3) Portland Trailblazers: The Blazers lost 2 of their 3 first round picks to the Kings in Justin Jackson and Harry Giles. What they are left with? Caleb Swanigan, a short 6’5 power forward weighing in at a heavy 257 pounds. Swanigan, who won the Big Ten Player of the Year award and Karl Malone Award for best power forward in the nation, may need to get leaner and pray for a mini growth spurt in his early years unless he plans to model his game after one Draymond Green or Charles Barkley, who could handle and facilitate like a small forward. Averaging 19 and 13 a game in college, Swanigan will give them toughness and control of the boards. But will he be better than what Noah Vonleh is now? Regardless, Portland has a fine piece off their bench considering the spot in which he was chosen, but overall lost the draft due to lost assets.

 

Interesting Moves:

Orlando Magic: The Magic did not win the draft, nor did they lose. They established a position of neutrality, but did make some interesting moves. Drafting Jonathan Isaac in the lottery was a great pick. However, the 6’10 power forward joins a very crowded front court containing Aaron Gordon, Nikola Vucevic, and Bismack Biyombo. Nonetheless, Isaac is a talented scorer who, based on the eye test, is reminiscent of Kevin Durant (relax, just based on play style and physique). While not a KD by any stretch, his game does garner some resemblance, and Isaac will need to gain 20 plus pounds and get much stronger to be able to compete with NBA level physicality. In the second round, the Magic selected Ivan Rabb. While perhaps the best player available, an overarching theme reoccurred. Rabb is a power forward. With needed help at the shooting guard position, it is baffling as to how they did not select Tyler Dorsey out of Oregon or Jawun Evans as a backup point guard. Solid players selected, but unless they plan on flipping Rabb in a packaged deal or unloading some of their veteran bigs, their approach didn’t make much sense.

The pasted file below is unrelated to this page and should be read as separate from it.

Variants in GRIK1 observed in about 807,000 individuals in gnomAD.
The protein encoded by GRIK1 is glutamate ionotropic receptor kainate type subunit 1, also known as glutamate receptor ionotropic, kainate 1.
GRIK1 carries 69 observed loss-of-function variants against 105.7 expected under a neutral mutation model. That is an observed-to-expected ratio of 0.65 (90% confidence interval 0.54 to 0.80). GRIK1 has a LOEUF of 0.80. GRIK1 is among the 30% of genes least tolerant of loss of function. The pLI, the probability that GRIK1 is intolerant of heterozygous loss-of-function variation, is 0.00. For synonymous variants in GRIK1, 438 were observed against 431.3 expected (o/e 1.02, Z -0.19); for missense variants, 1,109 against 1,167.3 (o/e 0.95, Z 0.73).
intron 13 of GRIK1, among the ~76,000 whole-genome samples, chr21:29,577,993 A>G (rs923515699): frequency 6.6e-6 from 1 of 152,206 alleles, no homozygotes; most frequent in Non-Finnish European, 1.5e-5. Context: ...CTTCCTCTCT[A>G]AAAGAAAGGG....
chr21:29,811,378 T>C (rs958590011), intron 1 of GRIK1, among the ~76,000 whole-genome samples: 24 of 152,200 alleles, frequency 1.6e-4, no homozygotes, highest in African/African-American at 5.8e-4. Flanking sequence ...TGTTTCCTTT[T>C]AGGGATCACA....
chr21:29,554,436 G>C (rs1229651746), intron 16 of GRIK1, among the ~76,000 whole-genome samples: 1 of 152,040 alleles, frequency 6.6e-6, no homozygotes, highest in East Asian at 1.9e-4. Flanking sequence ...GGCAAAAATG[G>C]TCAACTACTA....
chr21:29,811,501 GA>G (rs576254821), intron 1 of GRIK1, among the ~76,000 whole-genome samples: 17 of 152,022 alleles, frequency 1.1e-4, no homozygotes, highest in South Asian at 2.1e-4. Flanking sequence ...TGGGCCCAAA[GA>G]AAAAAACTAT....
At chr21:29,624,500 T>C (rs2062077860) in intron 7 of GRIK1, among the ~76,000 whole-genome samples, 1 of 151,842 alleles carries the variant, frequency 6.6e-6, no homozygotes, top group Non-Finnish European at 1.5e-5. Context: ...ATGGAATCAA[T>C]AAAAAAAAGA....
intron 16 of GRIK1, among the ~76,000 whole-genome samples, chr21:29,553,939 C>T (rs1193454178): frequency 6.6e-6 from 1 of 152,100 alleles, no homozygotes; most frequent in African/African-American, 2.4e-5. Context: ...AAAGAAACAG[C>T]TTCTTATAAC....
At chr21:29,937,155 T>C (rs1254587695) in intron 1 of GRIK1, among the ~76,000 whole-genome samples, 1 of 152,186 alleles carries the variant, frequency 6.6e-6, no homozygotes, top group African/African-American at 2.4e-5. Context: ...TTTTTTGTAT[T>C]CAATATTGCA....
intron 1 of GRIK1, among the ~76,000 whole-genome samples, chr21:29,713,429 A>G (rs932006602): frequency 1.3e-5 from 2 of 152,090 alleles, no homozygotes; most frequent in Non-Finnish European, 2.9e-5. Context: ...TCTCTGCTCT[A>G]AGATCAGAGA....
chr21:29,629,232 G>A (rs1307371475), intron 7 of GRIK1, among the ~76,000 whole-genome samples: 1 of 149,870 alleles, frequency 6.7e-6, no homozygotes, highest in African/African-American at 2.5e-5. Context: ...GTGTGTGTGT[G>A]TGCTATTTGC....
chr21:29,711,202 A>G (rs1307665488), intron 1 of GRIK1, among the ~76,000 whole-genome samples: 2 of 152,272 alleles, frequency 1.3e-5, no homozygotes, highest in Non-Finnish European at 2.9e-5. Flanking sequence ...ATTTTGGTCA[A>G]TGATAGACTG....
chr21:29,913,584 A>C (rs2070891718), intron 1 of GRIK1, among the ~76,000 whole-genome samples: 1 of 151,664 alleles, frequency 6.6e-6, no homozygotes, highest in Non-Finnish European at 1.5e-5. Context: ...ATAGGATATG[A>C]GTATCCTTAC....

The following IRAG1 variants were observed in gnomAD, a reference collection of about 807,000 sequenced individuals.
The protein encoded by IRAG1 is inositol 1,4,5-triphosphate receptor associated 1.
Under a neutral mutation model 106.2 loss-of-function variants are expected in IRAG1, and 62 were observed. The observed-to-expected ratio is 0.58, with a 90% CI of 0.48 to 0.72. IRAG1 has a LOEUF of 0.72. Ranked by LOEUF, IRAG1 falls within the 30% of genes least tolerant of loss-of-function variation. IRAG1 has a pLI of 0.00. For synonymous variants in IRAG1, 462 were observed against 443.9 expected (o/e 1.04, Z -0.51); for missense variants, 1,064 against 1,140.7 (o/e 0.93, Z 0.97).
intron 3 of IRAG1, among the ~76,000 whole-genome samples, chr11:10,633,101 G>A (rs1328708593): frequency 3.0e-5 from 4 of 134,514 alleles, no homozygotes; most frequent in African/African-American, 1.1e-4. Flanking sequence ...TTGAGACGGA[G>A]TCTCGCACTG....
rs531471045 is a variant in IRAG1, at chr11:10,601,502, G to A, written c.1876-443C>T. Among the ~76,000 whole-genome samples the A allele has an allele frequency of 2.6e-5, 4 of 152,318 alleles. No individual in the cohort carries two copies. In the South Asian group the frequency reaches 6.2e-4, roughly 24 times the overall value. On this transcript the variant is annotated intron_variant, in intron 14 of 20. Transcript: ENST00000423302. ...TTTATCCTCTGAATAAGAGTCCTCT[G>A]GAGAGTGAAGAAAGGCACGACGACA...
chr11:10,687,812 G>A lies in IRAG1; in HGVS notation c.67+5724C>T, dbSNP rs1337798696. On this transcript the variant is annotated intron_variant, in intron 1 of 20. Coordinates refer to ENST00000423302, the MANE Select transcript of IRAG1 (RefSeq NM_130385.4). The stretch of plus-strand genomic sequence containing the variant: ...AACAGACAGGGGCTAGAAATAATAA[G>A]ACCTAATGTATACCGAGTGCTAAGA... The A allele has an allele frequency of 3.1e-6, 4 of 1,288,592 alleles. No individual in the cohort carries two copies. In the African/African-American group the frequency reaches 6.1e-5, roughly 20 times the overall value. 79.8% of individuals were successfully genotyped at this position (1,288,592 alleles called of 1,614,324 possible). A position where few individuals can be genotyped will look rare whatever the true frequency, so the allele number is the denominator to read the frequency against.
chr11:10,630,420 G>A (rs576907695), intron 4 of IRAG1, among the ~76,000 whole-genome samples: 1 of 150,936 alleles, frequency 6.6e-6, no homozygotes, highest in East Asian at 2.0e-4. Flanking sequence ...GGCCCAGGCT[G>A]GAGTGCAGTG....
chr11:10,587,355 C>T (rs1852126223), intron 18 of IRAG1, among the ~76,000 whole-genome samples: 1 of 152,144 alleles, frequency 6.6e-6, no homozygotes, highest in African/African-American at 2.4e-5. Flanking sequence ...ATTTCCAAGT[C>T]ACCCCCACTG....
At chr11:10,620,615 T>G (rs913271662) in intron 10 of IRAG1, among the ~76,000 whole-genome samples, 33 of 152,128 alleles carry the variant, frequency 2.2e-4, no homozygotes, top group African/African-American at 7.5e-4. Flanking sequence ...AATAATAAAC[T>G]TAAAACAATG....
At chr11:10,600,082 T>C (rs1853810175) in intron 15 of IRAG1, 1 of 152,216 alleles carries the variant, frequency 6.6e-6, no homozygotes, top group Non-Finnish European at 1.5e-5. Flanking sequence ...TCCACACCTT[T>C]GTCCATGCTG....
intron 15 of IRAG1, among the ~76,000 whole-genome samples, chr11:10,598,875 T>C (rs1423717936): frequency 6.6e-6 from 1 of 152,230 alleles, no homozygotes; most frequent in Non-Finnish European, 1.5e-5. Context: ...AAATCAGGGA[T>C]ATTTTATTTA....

All in all, the draft was pretty straightforward and gave us what we expected. Now its time to evaluate the talent in Summer League and see which players show flashes of their untapped potential.